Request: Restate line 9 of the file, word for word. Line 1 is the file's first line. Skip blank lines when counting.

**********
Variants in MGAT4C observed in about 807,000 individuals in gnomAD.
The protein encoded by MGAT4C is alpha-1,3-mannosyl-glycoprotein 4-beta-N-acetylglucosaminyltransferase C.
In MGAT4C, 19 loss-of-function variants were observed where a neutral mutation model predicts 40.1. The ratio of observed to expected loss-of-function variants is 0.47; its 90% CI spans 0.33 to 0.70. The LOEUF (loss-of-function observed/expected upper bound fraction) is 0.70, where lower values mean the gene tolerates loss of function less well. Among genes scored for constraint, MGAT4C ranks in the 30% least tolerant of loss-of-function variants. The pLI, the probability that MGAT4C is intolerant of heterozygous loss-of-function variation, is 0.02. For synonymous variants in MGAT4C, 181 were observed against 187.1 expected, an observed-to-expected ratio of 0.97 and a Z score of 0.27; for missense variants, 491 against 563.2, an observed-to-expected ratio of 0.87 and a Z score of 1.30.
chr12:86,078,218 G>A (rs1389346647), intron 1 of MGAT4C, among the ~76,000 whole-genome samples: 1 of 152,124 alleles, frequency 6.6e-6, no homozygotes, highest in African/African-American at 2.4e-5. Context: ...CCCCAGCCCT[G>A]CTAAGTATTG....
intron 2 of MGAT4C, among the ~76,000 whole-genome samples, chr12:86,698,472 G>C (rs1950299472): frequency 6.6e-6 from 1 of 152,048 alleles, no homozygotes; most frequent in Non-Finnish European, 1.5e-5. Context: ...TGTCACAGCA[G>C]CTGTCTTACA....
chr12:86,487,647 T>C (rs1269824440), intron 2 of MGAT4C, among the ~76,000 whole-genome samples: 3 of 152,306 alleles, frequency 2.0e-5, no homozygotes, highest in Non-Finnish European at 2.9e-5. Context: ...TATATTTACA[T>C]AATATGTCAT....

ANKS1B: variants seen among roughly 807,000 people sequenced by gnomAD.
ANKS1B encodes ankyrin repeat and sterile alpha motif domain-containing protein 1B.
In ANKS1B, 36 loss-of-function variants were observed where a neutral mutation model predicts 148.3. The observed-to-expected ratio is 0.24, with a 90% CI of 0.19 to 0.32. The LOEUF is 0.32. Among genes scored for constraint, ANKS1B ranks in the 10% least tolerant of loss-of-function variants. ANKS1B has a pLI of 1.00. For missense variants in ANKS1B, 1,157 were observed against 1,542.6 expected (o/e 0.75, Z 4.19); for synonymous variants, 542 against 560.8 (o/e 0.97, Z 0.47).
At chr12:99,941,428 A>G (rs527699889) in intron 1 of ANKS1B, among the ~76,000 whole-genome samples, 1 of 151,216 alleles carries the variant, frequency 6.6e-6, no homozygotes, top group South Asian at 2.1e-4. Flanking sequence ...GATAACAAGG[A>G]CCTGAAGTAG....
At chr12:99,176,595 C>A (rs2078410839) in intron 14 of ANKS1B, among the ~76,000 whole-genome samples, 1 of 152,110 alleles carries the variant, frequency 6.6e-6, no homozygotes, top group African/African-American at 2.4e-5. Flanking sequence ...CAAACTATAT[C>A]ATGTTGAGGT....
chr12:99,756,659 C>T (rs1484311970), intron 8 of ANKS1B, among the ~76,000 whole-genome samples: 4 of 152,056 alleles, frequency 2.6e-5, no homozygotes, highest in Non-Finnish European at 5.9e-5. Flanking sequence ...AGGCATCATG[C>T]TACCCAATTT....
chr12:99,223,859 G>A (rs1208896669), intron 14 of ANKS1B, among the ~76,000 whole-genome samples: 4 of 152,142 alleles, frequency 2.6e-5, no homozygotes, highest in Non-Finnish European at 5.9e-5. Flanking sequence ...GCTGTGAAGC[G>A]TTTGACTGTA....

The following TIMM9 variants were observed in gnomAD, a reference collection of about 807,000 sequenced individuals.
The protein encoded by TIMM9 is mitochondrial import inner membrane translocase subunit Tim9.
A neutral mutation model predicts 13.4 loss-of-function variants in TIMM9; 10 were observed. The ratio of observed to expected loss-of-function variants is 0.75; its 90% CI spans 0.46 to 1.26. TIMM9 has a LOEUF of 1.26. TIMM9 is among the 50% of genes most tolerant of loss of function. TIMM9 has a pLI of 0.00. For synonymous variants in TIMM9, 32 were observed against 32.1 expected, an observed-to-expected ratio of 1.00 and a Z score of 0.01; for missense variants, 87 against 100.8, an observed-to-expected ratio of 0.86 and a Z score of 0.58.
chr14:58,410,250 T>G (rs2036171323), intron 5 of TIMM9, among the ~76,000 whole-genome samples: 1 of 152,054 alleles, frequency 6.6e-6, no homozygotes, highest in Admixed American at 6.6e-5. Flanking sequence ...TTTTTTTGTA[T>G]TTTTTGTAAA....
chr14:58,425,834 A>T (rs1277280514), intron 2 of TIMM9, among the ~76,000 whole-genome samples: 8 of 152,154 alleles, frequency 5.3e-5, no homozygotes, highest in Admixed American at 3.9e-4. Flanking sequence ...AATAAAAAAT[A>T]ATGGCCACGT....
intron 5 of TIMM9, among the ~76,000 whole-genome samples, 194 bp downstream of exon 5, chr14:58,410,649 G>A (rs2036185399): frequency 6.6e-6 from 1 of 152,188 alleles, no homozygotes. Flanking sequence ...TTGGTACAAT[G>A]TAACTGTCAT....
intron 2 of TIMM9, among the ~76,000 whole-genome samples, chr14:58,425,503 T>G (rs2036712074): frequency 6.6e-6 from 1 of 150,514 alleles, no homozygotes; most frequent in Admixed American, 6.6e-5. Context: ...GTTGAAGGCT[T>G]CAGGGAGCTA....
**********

In ANKS1B, 36 loss-of-function variants were observed where a neutral mutation model predicts 148.3. The observed-to-expected ratio is 0.24, with a 90% CI of 0.19 to 0.32. The LOEUF is 0.32. Among genes scored for constraint, ANKS1B ranks in the 10% least tolerant of loss-of-function variants. ANKS1B has a pLI of 1.00. For missense variants in ANKS1B, 1,157 were observed against 1,542.6 expected (o/e 0.75, Z 4.19); for synonymous variants, 542 against 560.8 (o/e 0.97, Z 0.47).